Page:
This will give you an idea of the map – I sneakily changed the text for my blog, so that it can’t be copied!
Because I used two fonts I had to keep adapting the interlinear spacing and that took forever. You can see that it’s quite a lot to read even using a font. Instead of buying fonts, we downloaded a free one – nice, but these come without punctuation or additonal things like numbers. We wanted a hand-written feel and used the font Technical, which I already have; and combined it with the free one, Wabroye. If you really wanted to use it properly, you could always buy it, which is better anyway. But designers do allow free downloads like this to make you want / need to buy it.
Another thing to take into account when working out the timing, is the trials and wrong turns that you take to see what looks best and this can take ages. I actually wrote out Oxford Magic Circle in Uncials, but it looked wrong and the font was less obstrusive.
The very last bit to add to the map was the background. It was on an A4 sheet with watercolour drawing around the edge, blended using water. I scanned and enlarged it to A3. First it was so dark that it looked dull, so I lightened it to 75% of the original. It still looked dull, and I did a faded cutout rectangle in the middle. So now the middle of the background is actually white, but fades elegantly into beige.
If I had intended doing the map as an original by hand, I would have more or less still done this entire process, except that I would have adapted it as follows:
- Background on hot pressed paper.
- Rough tracing of map on bond paper.
- Map in centre, traced on lightbox drawn in technical pen – size .5 and size .1 and painted in watercolour.
- Scanned the map (or photographed it) to have a rough to plan on, digitally.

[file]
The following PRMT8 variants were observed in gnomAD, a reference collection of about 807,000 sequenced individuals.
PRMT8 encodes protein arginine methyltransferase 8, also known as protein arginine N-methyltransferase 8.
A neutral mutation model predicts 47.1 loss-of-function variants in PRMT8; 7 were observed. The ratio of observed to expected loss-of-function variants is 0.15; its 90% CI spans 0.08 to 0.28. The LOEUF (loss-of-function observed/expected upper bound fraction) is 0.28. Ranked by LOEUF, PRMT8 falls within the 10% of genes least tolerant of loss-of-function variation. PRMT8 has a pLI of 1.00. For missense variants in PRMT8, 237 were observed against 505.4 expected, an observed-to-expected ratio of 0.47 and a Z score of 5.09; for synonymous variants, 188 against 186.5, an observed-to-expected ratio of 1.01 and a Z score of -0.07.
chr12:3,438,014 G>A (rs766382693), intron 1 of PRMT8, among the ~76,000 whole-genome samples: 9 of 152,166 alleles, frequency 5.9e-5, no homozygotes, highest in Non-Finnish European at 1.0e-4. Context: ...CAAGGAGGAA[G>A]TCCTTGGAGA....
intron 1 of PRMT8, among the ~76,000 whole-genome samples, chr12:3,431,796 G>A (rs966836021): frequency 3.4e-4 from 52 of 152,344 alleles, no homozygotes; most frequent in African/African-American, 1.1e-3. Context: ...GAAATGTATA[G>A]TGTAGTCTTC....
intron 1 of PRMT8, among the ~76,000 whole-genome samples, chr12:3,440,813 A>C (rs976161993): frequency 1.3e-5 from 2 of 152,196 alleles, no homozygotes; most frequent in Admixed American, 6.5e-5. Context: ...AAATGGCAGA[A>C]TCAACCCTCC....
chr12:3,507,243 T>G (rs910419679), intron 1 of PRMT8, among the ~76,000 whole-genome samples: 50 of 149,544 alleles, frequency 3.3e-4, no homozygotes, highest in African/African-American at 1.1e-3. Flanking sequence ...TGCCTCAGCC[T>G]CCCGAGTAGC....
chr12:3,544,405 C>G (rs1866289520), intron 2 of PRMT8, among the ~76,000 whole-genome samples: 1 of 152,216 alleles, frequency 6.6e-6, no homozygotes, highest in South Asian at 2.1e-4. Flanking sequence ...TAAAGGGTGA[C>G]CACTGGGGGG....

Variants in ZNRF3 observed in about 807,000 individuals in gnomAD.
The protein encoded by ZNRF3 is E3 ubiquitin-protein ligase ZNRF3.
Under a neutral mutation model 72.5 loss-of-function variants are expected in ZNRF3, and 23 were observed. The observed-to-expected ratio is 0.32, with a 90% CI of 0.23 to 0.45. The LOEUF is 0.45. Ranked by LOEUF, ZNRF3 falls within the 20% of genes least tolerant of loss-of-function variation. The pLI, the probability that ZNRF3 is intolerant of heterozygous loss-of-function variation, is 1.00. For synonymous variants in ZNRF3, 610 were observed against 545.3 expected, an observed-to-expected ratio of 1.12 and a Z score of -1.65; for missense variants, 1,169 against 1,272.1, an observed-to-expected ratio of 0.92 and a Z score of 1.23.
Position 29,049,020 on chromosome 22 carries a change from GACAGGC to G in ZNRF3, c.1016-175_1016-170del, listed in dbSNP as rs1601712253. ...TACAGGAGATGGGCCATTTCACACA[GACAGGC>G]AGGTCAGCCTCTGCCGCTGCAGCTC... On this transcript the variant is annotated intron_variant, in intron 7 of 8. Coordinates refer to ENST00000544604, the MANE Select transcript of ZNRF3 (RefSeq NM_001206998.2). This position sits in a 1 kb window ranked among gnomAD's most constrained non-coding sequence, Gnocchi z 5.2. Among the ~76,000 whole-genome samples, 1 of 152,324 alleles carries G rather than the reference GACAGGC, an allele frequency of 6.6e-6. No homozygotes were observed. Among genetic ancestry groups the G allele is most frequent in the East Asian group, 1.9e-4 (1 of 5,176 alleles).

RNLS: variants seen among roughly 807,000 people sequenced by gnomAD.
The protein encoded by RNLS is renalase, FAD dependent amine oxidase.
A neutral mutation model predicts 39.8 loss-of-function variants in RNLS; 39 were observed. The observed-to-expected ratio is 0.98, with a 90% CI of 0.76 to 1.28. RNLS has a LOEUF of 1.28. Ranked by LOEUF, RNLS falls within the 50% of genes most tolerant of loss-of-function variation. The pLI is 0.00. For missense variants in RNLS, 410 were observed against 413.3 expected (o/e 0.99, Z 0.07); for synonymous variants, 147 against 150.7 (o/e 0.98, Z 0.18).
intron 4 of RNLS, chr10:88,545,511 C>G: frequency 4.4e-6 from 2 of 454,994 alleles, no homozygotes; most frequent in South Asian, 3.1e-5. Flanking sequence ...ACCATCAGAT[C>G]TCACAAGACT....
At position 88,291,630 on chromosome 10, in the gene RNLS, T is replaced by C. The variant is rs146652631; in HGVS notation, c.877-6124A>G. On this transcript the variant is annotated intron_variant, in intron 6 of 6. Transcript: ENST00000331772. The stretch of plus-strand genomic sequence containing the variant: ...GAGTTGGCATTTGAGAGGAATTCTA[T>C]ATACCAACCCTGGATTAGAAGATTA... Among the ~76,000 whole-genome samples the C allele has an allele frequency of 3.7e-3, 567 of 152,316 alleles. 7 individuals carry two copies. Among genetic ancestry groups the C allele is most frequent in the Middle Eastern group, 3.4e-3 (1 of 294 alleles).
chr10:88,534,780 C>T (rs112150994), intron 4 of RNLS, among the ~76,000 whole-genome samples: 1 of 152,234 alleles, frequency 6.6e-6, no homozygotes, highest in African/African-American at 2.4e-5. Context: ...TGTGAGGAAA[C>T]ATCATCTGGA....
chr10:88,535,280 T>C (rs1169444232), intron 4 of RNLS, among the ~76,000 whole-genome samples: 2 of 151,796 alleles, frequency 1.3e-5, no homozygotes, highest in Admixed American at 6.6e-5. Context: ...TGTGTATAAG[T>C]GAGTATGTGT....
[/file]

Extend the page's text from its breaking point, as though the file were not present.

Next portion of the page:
- Done drawings manually and scanned them, then them added to the digital rough in Photoshop to check the scale. I would not have painted the drawings for the rough. (I did a lot of manual fiddling with the title anyway, as well as Photoshop fiddling).
- I’d have found a font that tallied with my lettering size (probably WmM#6 nib, or smaller). I’d have done all the clues in this font size in Indesign.
- At this point I would have a good digital rough – almost the same time scale as the finished digital map, but without colour. I would still have had to rule up the original paper and complete it. You could easily add another 15 – 30 hours for this conversion: 17 captions and 9 drawings, all painted, plus title, plus key etc.
Also if you do it by hand, what happens if is goes wrong? You would not be able to change anything easily. Also, for reproduction, you’d need a very good scan and very good printing. If the client wanted some changes for the next tour, you would be back to square one! Hooray for Illustrator and Indesign and free fonts! I can change anything easily as I have kept it all in layers.
I had a copy printed to check and sent the proof to the client. Once he’d approved, I had the others printed for my client (since my printer-man is very good) and posted them with the map as a pdf on a memory stick. Voila.